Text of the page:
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In ovo Marek’s vaccine yields benefits for breeders, layers

DIscoveries logoIn ovo vaccination for Marek’s disease benefits protection and performance in breeders and layers, according to study results presented at the 2015 International Poultry Scientific Forum.1

In broilers, in ovo vaccination has become commonplace in many countries, but its value in breeders and layers, where only females are used, has been questioned. Consequently, a study was designed to compare in ovo with conventional subcutaneous vaccination protocols for Marek’s disease virus (MDV) in female chickens.

With the support of Zoetis Inc., researchers from North Carolina State University divided 1,100 embryos from a single flock into six treatment groups (Table 1).

Dual-needle system

The vaccines used in the study were rHVT-IBD, a recombinant herpesvirus of turkey (HVT) vaccine for Marek’s and infectious bursal disease, an SB-1 strain vaccine and CVI-988, a Rispens-strain Marek’s vaccine. In ovo vaccination was accomplished with the Embrex® Inovoject® dual-needle system, said Taylor Barbosa, DVM, MS, PhD, ACPV, director of outcomes research for Zoetis.

Researchers placed females in isolator rooms with 2-week-old specific-pathogen-free shedder birds that had been previously challenged with the very virulent MDV 648A strain. This method replicates the natural infection route seen in the field, where the virus is shed into the environment by infected birds and is then inhaled by other uninfected birds.

CVI-988 birds gain moreTable 1 Vaccine protocols in the study

Groups 1, 2 and 6 were commingled into two rooms and kept apart from the other groups. Groups 3, 4, 5 and 6 were commingled in separate rooms. The unchallenged control birds were kept in yet another room with no infected birds.

The researchers obtained feather-pulp samples at 7 and 21 days of age and then weighed all birds at 7, 21 and 49 days of age. They also scored birds at 49 days of age for MDV lesions and protection (Table 1).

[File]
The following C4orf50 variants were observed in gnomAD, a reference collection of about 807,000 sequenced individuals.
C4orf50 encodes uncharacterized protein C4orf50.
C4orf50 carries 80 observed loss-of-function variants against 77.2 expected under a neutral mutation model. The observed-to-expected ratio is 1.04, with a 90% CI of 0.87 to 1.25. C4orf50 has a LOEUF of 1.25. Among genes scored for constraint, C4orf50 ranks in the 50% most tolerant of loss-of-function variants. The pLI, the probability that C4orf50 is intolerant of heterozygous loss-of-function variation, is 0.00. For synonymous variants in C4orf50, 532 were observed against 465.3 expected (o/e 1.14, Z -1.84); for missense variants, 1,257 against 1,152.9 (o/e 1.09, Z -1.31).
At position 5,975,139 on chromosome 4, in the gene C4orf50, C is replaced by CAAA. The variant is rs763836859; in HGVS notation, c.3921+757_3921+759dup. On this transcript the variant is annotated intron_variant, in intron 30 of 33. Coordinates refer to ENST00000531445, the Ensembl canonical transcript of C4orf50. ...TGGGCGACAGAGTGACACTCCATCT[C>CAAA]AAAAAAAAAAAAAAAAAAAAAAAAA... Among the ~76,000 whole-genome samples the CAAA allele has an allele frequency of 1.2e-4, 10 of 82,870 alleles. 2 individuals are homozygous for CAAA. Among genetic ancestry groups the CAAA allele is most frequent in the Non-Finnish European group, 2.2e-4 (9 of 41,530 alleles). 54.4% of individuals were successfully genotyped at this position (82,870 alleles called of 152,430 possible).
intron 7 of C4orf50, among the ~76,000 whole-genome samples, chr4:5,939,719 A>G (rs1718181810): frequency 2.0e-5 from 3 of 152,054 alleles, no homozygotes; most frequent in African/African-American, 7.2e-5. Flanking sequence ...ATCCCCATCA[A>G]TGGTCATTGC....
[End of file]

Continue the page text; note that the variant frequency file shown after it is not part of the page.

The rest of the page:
They found bodyweight gain on day 21 of age was significantly higher for birds that received CVI-988 compared to both the recombinant vaccine and unvaccinated groups (p > 0.05). On the other hand, there were no differences in bodyweight gain between the unvaccinated birds and the two groups that received only the recombinant vaccine, Barbosa said.

At 49 days of age, Group 3 — which received both vaccines in ovo — had the highest bodyweight. Unvaccinated controls had the lowest bodyweight, which was no different from the group that received only the recombinant vaccine at hatch. Bodyweight in the remaining Groups 1, 4 and 5 was in the intermediate range.

Vaccine benefits

All unvaccinated, challenged birds developed MDV lesions, demonstrating that the challenge from shedder birds was successful. The protection index was highest (92%) for Group 3 — the birds that received both vaccines in ovo — followed by Group 4 (89%), then Group 5 (82%) and Group 1 (78%). The protection index in Group 2 that received only the recombinant vaccine at hatch was 34%.

The results with bodyweight gain and protection demonstrate the benefits of using an efficacious, low-passage CVI-988 vaccine, Barbosa said.

“The time between vaccination and MDV exposure has been described as important for protection. Our findings confirm that in ovo vaccination of female breeders improves the protection given by all vaccines tested and demonstrates the benefits of in ovo vaccination for all birds susceptible to early exposure with field MDV strains,” he said.

1 Barbosa T, et al. Optimizing Marek’s diseases vaccination protocols with in ovo vaccination. 2015 international Poultry Scientific Forum abstracts.

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